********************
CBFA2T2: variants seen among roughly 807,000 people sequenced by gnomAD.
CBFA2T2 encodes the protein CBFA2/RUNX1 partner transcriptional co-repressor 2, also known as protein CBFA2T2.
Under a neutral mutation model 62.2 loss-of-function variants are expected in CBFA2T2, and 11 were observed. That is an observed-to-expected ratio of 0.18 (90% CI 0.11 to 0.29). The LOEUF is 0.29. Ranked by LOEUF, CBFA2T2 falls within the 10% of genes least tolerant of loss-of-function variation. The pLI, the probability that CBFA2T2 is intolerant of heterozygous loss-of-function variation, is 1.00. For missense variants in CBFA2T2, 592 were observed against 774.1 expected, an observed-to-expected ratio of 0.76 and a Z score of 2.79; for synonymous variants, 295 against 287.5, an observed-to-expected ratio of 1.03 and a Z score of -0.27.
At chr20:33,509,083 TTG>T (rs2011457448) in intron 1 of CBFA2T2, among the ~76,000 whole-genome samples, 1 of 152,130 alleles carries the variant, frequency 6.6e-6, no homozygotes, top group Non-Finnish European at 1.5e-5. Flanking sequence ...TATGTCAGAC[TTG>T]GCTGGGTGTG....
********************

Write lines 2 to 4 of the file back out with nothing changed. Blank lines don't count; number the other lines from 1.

CBFA2T2 encodes the protein CBFA2/RUNX1 partner transcriptional co-repressor 2, also known as protein CBFA2T2.
Under a neutral mutation model 62.2 loss-of-function variants are expected in CBFA2T2, and 11 were observed. That is an observed-to-expected ratio of 0.18 (90% CI 0.11 to 0.29). The LOEUF is 0.29. Ranked by LOEUF, CBFA2T2 falls within the 10% of genes least tolerant of loss-of-function variation. The pLI, the probability that CBFA2T2 is intolerant of heterozygous loss-of-function variation, is 1.00. For missense variants in CBFA2T2, 592 were observed against 774.1 expected, an observed-to-expected ratio of 0.76 and a Z score of 2.79; for synonymous variants, 295 against 287.5, an observed-to-expected ratio of 1.03 and a Z score of -0.27.
At chr20:33,509,083 TTG>T (rs2011457448) in intron 1 of CBFA2T2, among the ~76,000 whole-genome samples, 1 of 152,130 alleles carries the variant, frequency 6.6e-6, no homozygotes, top group Non-Finnish European at 1.5e-5. Flanking sequence ...TATGTCAGAC[TTG>T]GCTGGGTGTG....